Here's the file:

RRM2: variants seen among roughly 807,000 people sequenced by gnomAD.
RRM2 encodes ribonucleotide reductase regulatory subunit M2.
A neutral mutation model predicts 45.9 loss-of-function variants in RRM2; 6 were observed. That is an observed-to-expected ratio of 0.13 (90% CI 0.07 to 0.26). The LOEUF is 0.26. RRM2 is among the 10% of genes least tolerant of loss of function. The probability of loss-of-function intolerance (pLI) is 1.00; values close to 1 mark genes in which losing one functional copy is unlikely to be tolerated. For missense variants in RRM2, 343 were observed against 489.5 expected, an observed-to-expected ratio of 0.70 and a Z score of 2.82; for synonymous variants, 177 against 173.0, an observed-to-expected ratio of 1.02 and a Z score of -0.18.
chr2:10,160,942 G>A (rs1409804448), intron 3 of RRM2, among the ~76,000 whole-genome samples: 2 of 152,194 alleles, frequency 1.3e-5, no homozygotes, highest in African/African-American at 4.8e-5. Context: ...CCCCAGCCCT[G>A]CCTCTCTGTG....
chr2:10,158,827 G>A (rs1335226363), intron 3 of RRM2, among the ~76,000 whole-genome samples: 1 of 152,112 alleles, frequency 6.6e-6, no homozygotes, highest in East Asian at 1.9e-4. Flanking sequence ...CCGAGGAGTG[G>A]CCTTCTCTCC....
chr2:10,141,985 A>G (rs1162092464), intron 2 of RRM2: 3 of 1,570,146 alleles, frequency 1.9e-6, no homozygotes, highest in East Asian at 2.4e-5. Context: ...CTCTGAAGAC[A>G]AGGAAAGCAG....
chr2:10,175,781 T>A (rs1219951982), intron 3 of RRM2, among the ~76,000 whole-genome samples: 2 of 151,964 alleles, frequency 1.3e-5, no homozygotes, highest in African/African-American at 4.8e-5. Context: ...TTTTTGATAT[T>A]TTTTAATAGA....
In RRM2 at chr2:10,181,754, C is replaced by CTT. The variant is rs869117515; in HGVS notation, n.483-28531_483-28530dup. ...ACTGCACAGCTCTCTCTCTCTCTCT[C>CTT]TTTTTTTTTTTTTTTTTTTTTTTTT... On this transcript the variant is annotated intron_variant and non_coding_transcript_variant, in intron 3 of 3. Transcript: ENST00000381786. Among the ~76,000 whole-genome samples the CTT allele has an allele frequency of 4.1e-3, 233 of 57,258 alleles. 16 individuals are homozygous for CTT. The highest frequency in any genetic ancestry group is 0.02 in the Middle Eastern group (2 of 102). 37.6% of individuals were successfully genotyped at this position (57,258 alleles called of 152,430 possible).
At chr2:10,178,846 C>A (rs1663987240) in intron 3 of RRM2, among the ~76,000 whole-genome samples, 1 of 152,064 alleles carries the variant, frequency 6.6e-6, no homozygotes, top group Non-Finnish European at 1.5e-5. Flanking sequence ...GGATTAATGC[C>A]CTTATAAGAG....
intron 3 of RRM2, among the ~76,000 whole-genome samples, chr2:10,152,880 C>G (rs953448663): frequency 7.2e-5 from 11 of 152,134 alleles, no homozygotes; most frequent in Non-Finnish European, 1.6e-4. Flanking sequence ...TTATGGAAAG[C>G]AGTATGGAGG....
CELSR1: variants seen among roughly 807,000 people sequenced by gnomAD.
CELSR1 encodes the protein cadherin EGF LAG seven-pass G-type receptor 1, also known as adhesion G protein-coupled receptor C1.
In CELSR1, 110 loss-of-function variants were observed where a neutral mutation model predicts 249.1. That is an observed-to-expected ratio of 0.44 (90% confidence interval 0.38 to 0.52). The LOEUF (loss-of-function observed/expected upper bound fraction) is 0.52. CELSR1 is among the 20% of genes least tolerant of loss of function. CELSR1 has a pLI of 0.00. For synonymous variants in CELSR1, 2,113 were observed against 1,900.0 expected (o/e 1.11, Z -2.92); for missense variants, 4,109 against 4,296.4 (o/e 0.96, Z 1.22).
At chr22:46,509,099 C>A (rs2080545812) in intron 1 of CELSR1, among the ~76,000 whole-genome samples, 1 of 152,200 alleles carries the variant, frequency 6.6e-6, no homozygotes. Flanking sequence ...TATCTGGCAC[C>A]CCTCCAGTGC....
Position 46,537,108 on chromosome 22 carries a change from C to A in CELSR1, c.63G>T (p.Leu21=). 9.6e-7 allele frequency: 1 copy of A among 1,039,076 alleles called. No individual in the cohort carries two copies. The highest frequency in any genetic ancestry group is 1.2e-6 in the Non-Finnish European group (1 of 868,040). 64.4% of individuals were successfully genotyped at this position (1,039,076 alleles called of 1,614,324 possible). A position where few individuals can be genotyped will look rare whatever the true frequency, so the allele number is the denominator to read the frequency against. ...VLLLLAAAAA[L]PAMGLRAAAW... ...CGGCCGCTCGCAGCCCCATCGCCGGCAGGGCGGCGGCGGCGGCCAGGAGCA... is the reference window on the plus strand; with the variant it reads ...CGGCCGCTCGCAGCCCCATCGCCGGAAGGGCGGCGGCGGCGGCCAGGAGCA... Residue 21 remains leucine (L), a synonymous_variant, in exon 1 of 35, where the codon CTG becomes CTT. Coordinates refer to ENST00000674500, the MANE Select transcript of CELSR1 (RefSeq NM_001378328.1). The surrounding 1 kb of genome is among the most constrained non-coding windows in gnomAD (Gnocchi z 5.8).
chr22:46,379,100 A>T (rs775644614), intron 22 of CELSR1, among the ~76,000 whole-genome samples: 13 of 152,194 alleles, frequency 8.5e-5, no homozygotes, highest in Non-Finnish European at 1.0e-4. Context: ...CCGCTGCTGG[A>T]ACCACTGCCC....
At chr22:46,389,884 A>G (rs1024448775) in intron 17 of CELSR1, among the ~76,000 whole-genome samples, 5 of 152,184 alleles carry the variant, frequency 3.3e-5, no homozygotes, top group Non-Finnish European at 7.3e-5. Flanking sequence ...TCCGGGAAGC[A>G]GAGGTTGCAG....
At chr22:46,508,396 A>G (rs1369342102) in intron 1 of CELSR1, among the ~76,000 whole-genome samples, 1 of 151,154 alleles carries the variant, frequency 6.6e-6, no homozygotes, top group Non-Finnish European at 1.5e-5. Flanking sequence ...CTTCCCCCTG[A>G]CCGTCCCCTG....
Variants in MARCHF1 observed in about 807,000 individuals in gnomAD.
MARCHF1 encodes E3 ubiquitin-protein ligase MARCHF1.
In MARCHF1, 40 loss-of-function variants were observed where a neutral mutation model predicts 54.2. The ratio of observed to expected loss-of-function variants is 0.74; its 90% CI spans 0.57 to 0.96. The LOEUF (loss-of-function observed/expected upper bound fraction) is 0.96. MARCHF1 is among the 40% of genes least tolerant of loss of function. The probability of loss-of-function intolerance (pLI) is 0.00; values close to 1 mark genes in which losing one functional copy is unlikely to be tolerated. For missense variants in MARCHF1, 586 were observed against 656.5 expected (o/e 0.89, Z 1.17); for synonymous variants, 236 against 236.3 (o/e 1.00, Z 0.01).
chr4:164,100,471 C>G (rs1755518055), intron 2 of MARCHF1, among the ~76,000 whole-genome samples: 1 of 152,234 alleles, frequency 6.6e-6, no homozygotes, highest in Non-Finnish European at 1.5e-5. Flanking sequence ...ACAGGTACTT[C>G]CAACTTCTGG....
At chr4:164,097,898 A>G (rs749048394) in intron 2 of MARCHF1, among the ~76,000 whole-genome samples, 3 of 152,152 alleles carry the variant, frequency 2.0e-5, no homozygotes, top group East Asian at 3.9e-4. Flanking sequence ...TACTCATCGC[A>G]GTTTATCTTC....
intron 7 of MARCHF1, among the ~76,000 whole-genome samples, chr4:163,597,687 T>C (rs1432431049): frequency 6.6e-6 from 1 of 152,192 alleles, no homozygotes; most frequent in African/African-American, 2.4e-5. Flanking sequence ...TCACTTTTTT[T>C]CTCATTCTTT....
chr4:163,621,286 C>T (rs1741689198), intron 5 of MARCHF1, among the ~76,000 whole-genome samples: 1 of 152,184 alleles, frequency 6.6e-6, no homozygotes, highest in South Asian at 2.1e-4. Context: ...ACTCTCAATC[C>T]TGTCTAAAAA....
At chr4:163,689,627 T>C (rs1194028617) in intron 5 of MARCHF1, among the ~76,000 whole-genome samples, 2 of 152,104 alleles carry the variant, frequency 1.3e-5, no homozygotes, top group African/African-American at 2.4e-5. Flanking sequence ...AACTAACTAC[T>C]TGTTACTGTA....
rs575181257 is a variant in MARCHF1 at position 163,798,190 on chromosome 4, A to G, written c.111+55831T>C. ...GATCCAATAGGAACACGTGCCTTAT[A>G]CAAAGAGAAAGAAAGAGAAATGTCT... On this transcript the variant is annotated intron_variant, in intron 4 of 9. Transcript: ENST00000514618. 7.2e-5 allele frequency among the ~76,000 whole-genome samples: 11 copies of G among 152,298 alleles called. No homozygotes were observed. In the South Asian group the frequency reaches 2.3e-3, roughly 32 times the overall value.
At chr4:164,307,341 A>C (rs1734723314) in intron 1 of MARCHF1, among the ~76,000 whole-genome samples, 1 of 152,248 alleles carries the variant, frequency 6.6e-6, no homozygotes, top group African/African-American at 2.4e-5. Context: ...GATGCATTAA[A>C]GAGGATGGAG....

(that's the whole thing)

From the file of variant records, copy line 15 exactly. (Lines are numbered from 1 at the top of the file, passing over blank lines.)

Position 46,537,108 on chromosome 22 carries a change from C to A in CELSR1, c.63G>T (p.Leu21=). 9.6e-7 allele frequency: 1 copy of A among 1,039,076 alleles called. No individual in the cohort carries two copies. The highest frequency in any genetic ancestry group is 1.2e-6 in the Non-Finnish European group (1 of 868,040). 64.4% of individuals were successfully genotyped at this position (1,039,076 alleles called of 1,614,324 possible). A position where few individuals can be genotyped will look rare whatever the true frequency, so the allele number is the denominator to read the frequency against. ...VLLLLAAAAA[L]PAMGLRAAAW... ...CGGCCGCTCGCAGCCCCATCGCCGGCAGGGCGGCGGCGGCGGCCAGGAGCA... is the reference window on the plus strand; with the variant it reads ...CGGCCGCTCGCAGCCCCATCGCCGGAAGGGCGGCGGCGGCGGCCAGGAGCA... Residue 21 remains leucine (L), a synonymous_variant, in exon 1 of 35, where the codon CTG becomes CTT. Coordinates refer to ENST00000674500, the MANE Select transcript of CELSR1 (RefSeq NM_001378328.1). The surrounding 1 kb of genome is among the most constrained non-coding windows in gnomAD (Gnocchi z 5.8).